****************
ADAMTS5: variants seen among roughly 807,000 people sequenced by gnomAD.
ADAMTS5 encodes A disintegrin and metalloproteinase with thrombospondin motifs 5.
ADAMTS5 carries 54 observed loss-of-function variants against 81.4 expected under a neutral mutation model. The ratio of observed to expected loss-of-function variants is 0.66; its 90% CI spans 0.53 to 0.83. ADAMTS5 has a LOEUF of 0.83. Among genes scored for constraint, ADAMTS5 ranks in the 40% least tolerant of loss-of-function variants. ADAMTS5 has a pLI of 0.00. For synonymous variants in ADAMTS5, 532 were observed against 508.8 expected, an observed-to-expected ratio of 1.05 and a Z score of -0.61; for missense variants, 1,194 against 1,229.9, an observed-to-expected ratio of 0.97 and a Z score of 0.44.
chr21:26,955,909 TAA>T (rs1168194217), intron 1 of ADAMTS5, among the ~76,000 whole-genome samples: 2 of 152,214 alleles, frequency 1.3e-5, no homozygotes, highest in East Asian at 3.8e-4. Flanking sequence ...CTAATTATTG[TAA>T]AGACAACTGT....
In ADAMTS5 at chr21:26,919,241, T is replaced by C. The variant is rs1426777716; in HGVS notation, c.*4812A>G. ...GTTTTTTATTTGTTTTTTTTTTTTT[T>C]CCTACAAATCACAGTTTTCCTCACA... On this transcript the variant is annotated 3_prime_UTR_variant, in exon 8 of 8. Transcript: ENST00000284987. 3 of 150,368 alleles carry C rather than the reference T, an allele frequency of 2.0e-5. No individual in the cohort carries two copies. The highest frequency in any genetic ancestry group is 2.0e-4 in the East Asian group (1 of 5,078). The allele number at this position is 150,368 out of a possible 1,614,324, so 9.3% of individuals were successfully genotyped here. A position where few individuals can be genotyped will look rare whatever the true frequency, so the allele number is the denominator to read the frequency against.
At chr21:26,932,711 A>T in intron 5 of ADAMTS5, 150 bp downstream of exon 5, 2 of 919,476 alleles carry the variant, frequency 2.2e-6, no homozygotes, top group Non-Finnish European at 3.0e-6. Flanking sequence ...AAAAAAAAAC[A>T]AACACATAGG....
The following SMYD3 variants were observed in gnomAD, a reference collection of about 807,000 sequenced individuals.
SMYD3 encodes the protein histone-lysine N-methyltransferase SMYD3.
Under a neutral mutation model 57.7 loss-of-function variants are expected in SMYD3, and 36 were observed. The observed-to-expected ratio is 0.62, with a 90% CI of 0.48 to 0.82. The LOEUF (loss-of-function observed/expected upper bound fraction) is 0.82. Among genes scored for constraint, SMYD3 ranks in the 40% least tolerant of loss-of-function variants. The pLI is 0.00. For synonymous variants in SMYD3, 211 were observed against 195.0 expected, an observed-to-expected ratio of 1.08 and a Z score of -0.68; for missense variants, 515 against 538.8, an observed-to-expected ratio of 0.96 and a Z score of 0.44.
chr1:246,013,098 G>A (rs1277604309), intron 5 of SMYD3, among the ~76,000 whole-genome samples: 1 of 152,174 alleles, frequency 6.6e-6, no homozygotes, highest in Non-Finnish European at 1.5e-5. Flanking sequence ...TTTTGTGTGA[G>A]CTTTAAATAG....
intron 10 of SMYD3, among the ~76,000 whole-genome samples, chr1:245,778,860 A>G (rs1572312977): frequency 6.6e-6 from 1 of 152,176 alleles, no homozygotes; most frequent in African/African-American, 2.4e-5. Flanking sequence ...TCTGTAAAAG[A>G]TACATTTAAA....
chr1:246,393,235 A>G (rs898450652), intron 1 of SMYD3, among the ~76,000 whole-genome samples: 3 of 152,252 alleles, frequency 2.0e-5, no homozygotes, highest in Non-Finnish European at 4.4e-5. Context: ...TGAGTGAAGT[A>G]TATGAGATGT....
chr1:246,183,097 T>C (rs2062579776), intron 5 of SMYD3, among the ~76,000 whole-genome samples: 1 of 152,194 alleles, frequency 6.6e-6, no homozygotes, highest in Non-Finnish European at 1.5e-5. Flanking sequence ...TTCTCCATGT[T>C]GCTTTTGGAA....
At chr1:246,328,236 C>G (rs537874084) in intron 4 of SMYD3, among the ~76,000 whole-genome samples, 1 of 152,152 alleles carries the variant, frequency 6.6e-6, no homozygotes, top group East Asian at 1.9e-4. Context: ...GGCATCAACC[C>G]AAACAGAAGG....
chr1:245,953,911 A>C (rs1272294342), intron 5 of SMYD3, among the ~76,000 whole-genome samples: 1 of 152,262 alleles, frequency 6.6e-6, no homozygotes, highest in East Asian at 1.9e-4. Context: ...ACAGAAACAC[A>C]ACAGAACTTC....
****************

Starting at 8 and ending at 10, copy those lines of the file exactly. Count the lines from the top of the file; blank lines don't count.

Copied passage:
SMYD3 encodes the protein histone-lysine N-methyltransferase SMYD3.
Under a neutral mutation model 57.7 loss-of-function variants are expected in SMYD3, and 36 were observed. The observed-to-expected ratio is 0.62, with a 90% CI of 0.48 to 0.82. The LOEUF (loss-of-function observed/expected upper bound fraction) is 0.82. Among genes scored for constraint, SMYD3 ranks in the 40% least tolerant of loss-of-function variants. The pLI is 0.00. For synonymous variants in SMYD3, 211 were observed against 195.0 expected, an observed-to-expected ratio of 1.08 and a Z score of -0.68; for missense variants, 515 against 538.8, an observed-to-expected ratio of 0.96 and a Z score of 0.44.
chr1:246,013,098 G>A (rs1277604309), intron 5 of SMYD3, among the ~76,000 whole-genome samples: 1 of 152,174 alleles, frequency 6.6e-6, no homozygotes, highest in Non-Finnish European at 1.5e-5. Flanking sequence ...TTTTGTGTGA[G>A]CTTTAAATAG....